Thanks to the wonders of digital innovation, a television today costs about a tenth of what it did in the 1980s. Two-thirds of Americans now carry smartphones that compute faster than the average desktop in the 1990s, for a fraction of the cost.
Yet there’s one field that has proven stubbornly resistant to the kind of disruption that eases prices and boosts efficiency: finance.
That notion might elicit howls from asset managers, who have watched fees steadily erode over the last decade. But the data bear it out. Despite decades of advances in communications technology, data analysis - and pharmacological stimulants - bankers aren’t any cheaper than they were a hundred years ago.
Thus the need for fintech disruption, more now than ever.
That’s the conclusion of New York University professor of finance Thomas Philippon, who compiled U.S. financial data dating back to 1880 in order to determine how prices have (or haven’t) changed. As it turns out, Americans have paid a premium of about 2 cents on every dollar intermediated through the banking system for most of the last century.
In an updated version of the study, Philippon finds prices have relaxed since the financial crisis, but not a ton.
“Finance has benefited more than other industries from improvements in information technologies,” Philippon writes. “But, unlike in retail trade for instance, these improvements have not been passed on as lower costs to the end users of financial services.”
Even adjusting to account for the increased quality of financial services – more low-income households and high-risk firms can access credit these days – finance is about as expensive as it was in the 1970s. So either financial innovations have failed, or someone's getting fleeced.
The underlying reasons might inspire debate. Philippon pins the blame largely on market concentration: a few lumbering giants keep new, potentially cheaper entrants at bay, allowing incumbents to keep prices higher than they ought to be.
“If one steps back, it is difficult not to see finance as an industry with excessive rents and poor overall efficiency,” Philippon writes, making the financial sector sound like North Brooklyn.
Solving that problem is even knottier. The regulatory environment exists largely to provide a top-down check on needless complexity and runaway leverage in those massive, systemically important banks. It’s less attuned to bottom-up innovation.
“If the goal of financial regulation is to foster stability and access to services,” Philippon writes, “then regulators should consider policies that promote low-leverage technologies and the entry of new firms.”
If only it were so simple.
Fintech is definitely having a moment, but probably not the kind Philippon wants. Some of the sector’s brightest stars have looked awfully dim in 2016, rehearsing the same kinds of pre-financial-crisis failings that created such an appetite for disruption in the first place.
Lending Club, the leading peer-to-peer loan company, had to dump CEO Renaud Laplanche in May after it was found that the company had sold $22 million in bonds on faulty premises. Moreover, Laplanche had failed to disclose his financial ties with a firm Lending Club was thinking of investing in. The entire peer-to-peer sector sank on the news.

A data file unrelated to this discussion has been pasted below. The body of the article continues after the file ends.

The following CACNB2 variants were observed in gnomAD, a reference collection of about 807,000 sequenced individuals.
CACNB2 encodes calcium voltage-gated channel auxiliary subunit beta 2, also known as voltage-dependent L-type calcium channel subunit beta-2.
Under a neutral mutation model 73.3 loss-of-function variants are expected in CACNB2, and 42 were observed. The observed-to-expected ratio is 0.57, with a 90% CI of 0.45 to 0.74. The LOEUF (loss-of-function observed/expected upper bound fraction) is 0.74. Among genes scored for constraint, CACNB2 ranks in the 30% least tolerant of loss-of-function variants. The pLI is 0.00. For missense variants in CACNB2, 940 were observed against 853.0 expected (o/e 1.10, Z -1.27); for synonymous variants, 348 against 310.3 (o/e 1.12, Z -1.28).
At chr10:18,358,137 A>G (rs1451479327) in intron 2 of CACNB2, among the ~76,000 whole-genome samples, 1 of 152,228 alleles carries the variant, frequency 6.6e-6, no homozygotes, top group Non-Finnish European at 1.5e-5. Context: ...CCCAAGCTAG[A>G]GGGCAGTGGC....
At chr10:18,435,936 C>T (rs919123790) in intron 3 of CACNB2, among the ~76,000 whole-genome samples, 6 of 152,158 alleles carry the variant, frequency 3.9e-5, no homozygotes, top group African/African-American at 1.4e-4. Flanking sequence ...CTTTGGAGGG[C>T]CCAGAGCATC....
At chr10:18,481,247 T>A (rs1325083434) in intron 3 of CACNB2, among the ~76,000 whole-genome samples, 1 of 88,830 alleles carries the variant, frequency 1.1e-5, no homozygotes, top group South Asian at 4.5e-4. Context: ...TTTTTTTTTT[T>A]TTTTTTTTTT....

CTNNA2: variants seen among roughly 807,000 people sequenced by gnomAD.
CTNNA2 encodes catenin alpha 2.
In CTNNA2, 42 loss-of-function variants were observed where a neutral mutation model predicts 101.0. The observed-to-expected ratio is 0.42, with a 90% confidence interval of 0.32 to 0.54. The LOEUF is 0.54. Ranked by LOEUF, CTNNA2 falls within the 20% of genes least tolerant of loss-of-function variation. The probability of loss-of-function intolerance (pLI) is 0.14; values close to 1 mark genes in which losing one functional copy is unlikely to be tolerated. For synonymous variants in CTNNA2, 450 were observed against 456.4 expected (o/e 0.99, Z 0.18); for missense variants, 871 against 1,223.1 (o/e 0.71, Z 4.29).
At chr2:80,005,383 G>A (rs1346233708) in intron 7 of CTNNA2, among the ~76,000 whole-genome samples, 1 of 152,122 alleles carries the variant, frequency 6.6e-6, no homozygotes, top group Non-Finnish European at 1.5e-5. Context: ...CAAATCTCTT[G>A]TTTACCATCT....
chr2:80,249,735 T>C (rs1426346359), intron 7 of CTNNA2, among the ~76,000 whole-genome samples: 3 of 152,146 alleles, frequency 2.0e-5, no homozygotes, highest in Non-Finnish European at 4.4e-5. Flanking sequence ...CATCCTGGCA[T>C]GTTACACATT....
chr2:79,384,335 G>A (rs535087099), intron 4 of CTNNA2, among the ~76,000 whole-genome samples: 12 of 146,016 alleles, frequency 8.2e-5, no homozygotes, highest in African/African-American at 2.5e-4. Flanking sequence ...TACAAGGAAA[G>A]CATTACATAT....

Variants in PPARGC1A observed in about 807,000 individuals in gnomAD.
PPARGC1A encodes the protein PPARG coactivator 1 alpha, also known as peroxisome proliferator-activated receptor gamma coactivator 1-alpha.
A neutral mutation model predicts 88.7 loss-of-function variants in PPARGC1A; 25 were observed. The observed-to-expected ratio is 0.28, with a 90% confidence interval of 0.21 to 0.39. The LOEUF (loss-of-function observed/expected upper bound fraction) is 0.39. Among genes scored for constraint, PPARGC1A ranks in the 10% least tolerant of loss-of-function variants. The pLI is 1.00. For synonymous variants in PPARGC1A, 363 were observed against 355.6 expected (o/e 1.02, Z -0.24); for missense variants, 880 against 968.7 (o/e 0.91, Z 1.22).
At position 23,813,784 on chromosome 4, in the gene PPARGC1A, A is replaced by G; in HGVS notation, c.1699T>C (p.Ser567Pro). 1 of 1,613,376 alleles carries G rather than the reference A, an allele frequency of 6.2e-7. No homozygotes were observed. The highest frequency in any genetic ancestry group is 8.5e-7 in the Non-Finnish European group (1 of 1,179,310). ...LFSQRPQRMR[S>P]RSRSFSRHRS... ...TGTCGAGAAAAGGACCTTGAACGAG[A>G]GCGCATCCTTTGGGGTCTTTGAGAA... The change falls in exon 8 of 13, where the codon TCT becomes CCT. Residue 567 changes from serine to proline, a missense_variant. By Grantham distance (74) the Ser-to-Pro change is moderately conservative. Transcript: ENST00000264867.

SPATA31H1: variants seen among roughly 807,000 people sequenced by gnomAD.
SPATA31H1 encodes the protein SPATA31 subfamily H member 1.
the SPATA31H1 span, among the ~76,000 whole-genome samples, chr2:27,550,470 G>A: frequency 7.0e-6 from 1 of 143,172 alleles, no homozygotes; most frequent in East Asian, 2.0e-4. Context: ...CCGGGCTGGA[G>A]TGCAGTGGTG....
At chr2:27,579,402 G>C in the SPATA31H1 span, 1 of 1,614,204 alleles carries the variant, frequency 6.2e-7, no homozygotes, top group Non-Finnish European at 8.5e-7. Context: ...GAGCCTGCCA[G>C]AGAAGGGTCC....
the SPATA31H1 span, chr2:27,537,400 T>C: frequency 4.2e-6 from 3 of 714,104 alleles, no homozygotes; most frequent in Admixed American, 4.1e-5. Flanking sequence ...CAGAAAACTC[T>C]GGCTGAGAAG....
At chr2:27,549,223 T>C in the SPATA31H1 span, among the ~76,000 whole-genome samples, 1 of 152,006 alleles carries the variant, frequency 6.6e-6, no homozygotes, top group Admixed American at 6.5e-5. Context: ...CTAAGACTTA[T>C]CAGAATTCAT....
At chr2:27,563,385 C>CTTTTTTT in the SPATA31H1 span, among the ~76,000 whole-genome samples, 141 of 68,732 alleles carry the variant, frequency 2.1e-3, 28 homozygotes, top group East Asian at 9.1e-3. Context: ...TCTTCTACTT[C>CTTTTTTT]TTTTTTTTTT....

Then there’s bitcoin, the most rabidly hyped of fintech saviors. Last week the cryptocurrency suffered what was, according to one count, its 37th attack, and the second-largest in its history. Hackers compromised the digital wallets at Bitfinex, a leading storage center and bitcoin trading hub, making off with $65 million in digital lucre.
And bitcoin’s more cerebral little brother Ethereum had its own brush with doom in June, when resourceful hackers exploited a glitch in the code to pilfer $60 million of the currency from a digital investment trust that had been advertised as “a new breed of human organization never before attempted.”
The future of money is looking a bit like its ancient past.
Maybe it’s unfair to expect fintech mount a meaningful challenge to the likes of JPMorgan and Nasdaq in just a few years. The aspect of the financial world that makes it so apt for disruption – its top-heavy concentration – is also what makes it so hard to disrupt.
Neither should the engineering challenge be minimized. The technology of finance is probably second only to agriculture (and maybe one "other" profession) in how long humans have spent honing it. Financial startups inevitably bump into realities that explain why banking is so cumbersome to begin with. They tend to to end up focusing on pesky chores like verifying customers’ identities, or trying to establish systems that are actually indeed secure.
The FT’s Izabella Kaminska has helpfully boiled the fintech startup lifecycle to eight phases. Phase 1: “Fintech startup creates a tool using engineering logic borrowed from information technology methodologies, tries to go it alone.” Phase 2: “Fintech startup realises client acquisition is really hard and costly. Oh, and the tool either doesn’t scale or there’s some other unintended consequence related to risk or liquidity.”
Eventually the company takes on the very qualities it arose to circumvent and sells itself to a bank. Phase 8: “Fintech is absorbed into the bureaucracy of banking. Innovation stalls.”
Philippon nods to this reality. “In theory, the blockchain technology could improve the efficiency of the market, but if there is no entry, this could simply increase the rents of incumbents.”
Absorption into the old guard of banking might be bummer for upstart techies, but there is some consolation – specifically, the monetary kind. Excepting a couple go-go pre-crisis years, the wages of financial professionals are higher than they’ve ever been relative to everyone else.
That’s not a bad club to join.